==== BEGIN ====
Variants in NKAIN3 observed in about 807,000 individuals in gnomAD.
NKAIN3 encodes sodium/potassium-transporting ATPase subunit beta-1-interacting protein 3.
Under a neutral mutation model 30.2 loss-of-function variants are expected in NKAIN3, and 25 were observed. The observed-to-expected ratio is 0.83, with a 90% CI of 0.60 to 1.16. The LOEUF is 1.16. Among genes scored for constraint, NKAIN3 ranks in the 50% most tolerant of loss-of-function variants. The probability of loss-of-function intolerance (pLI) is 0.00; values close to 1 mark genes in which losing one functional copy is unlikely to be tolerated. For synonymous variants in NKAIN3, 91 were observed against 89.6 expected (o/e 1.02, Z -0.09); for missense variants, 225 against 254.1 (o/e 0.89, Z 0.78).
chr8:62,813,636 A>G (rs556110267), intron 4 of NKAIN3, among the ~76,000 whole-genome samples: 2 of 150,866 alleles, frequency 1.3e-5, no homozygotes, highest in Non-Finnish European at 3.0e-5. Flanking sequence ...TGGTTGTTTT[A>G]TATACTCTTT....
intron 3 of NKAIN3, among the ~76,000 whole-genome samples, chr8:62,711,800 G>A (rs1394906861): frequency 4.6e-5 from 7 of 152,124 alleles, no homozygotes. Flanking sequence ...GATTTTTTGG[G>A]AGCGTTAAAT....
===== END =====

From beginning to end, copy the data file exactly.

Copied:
Variants in NKAIN3 observed in about 807,000 individuals in gnomAD.
NKAIN3 encodes sodium/potassium-transporting ATPase subunit beta-1-interacting protein 3.
Under a neutral mutation model 30.2 loss-of-function variants are expected in NKAIN3, and 25 were observed. The observed-to-expected ratio is 0.83, with a 90% CI of 0.60 to 1.16. The LOEUF is 1.16. Among genes scored for constraint, NKAIN3 ranks in the 50% most tolerant of loss-of-function variants. The probability of loss-of-function intolerance (pLI) is 0.00; values close to 1 mark genes in which losing one functional copy is unlikely to be tolerated. For synonymous variants in NKAIN3, 91 were observed against 89.6 expected (o/e 1.02, Z -0.09); for missense variants, 225 against 254.1 (o/e 0.89, Z 0.78).
chr8:62,813,636 A>G (rs556110267), intron 4 of NKAIN3, among the ~76,000 whole-genome samples: 2 of 150,866 alleles, frequency 1.3e-5, no homozygotes, highest in Non-Finnish European at 3.0e-5. Flanking sequence ...TGGTTGTTTT[A>G]TATACTCTTT....
intron 3 of NKAIN3, among the ~76,000 whole-genome samples, chr8:62,711,800 G>A (rs1394906861): frequency 4.6e-5 from 7 of 152,124 alleles, no homozygotes. Flanking sequence ...GATTTTTTGG[G>A]AGCGTTAAAT....